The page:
“Sigrid,” she said, turning to her former friend. “Tell them the truth. Do it for Bricks.”


But Sigrid had already joined Bernhard, encircling his waist with her splendid arm. “I’ll give you the time to run away.”


“Sigrid—”


“In a few moments’ time, the guards will seize you and bring you to the court for the murder of the king’s second-born son”—Sigrid shrugged—“I suggest you flee now.”


Helmina shook her head. “Let me bury him, at least.”


“Leave the body, Helmina.”


And so she left, disappearing into the trees.


Lost and starved, Helmina found Ausgedörrt four days later, and, unsurprisingly, her father was not there. What she found was a city of mediocre living, with houses tall and pretty made of wood. But the doctors there were of excellent skills, and so Helmina was driven into obsession. She emerged, every day, into the eyes of the townspeople a changed person. The woman who first came into them months ago was nowhere to be seen. Gone were the form of an afflicted body, the ludicrous voice, and the dreary brown hair.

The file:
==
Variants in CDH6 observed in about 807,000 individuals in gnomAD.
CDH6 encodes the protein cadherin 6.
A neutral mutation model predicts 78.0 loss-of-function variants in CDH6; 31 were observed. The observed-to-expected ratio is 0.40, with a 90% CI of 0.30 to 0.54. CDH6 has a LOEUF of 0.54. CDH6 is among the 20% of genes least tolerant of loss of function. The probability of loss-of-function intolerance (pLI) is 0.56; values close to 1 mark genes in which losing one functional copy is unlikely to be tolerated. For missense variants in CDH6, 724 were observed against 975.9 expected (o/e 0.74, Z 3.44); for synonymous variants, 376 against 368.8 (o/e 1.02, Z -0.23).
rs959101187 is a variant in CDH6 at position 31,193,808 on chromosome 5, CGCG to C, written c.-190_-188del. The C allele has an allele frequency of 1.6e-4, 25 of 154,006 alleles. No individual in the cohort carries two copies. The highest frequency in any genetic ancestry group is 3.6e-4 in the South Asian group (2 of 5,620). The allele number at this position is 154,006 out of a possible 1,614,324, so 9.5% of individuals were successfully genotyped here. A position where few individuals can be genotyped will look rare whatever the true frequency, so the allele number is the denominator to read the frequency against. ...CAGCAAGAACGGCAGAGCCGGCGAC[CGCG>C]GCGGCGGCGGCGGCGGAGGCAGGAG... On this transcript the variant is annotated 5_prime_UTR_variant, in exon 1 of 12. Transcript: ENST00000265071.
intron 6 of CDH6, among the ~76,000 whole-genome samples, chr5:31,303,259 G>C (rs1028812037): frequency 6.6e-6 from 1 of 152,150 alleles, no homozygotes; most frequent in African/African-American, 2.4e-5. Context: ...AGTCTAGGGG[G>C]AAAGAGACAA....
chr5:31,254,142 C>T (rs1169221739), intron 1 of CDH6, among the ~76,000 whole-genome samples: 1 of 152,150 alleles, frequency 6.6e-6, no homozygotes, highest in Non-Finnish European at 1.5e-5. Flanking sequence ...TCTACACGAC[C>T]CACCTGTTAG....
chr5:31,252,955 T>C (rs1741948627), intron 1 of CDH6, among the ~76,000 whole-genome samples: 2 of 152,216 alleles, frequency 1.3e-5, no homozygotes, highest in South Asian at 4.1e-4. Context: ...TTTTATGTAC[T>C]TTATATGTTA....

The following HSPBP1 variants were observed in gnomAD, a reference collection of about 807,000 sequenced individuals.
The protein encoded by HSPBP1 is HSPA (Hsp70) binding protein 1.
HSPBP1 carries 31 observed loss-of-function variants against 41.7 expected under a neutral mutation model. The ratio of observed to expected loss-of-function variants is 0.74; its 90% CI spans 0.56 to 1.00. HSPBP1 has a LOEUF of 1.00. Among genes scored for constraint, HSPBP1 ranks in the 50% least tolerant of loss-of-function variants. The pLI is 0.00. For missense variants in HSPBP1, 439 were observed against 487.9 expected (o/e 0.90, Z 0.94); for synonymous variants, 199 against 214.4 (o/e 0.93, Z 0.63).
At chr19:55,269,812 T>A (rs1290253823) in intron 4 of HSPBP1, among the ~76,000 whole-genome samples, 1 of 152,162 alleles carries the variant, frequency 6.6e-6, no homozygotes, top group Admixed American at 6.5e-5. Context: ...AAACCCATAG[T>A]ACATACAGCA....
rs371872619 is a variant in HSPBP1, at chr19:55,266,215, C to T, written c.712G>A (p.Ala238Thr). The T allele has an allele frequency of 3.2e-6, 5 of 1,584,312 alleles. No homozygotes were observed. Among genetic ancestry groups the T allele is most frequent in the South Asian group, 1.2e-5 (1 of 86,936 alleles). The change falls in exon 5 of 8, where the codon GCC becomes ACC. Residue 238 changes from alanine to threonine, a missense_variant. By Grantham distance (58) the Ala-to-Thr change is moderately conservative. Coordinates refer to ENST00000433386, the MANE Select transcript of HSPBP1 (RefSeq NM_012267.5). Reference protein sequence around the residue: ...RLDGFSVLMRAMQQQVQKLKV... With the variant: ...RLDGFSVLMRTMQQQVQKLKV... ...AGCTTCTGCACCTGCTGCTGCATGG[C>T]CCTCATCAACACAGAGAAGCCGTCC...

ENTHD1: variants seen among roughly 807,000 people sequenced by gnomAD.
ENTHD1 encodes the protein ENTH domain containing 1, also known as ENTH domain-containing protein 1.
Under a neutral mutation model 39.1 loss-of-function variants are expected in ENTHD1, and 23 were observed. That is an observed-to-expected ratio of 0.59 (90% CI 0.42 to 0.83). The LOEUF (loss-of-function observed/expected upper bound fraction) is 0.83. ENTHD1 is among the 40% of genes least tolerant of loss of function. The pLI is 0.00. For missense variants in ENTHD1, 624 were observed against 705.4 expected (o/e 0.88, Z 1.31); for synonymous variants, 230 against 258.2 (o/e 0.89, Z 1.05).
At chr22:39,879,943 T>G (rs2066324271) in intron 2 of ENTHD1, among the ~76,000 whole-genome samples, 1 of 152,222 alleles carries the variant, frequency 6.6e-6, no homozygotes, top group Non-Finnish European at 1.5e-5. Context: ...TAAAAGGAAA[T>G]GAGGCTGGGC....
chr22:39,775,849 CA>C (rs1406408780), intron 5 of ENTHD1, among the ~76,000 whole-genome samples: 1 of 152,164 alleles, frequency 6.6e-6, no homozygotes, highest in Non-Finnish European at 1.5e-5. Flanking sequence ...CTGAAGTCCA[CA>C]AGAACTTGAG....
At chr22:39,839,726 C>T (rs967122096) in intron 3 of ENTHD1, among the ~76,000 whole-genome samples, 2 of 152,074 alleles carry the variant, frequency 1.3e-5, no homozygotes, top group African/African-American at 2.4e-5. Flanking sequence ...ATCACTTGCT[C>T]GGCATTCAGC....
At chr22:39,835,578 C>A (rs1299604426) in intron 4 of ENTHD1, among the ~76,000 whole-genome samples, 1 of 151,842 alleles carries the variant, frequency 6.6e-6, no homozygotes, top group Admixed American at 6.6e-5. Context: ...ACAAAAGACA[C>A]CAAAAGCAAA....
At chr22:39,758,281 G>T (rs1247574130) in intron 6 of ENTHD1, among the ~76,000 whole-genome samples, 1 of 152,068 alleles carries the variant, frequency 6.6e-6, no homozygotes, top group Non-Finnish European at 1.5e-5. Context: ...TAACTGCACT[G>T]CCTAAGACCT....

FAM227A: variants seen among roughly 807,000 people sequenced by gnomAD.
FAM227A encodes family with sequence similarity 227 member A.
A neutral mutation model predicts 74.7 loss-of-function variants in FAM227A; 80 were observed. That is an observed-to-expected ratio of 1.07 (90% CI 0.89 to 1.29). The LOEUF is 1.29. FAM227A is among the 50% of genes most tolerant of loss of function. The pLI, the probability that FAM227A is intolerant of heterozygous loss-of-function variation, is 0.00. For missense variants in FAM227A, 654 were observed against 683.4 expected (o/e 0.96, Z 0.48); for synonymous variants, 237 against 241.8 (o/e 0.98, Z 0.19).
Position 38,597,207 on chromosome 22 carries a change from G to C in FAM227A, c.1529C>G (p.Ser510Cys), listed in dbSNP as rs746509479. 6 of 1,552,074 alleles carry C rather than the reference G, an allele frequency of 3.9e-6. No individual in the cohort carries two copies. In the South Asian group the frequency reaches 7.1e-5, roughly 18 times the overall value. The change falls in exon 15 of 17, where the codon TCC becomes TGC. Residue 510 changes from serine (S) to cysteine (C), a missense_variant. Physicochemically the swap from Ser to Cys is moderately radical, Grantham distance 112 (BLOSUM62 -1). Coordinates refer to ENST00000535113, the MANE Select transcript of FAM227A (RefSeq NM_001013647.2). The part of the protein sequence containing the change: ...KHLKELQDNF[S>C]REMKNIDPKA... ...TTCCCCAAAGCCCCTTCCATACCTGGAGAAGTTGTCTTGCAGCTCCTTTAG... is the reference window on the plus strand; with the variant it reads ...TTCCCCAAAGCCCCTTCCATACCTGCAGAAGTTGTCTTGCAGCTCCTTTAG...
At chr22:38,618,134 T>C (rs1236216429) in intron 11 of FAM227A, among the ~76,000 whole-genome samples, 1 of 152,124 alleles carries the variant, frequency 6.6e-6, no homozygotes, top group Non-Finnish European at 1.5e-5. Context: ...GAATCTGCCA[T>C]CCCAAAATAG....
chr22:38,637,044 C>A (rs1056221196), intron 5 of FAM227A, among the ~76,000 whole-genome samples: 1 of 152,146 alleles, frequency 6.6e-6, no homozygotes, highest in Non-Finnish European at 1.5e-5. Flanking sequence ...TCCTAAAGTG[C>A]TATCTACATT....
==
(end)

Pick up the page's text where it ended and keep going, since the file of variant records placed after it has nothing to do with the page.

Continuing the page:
The year found Helmina completely unrecognizable.


As all those things happened, Bernhard became king. He married Sigrid, and they were both crowned beneath the silver arches of a new palace. It was said that they painted a picture of quite a perfect couple, but Helmina knew better. And when she heard that Sigrid gave birth to a baby girl, with skin as white as snow, lips as red as blood, and hair as black as ebony, she knew it was time to get back to the kingdom.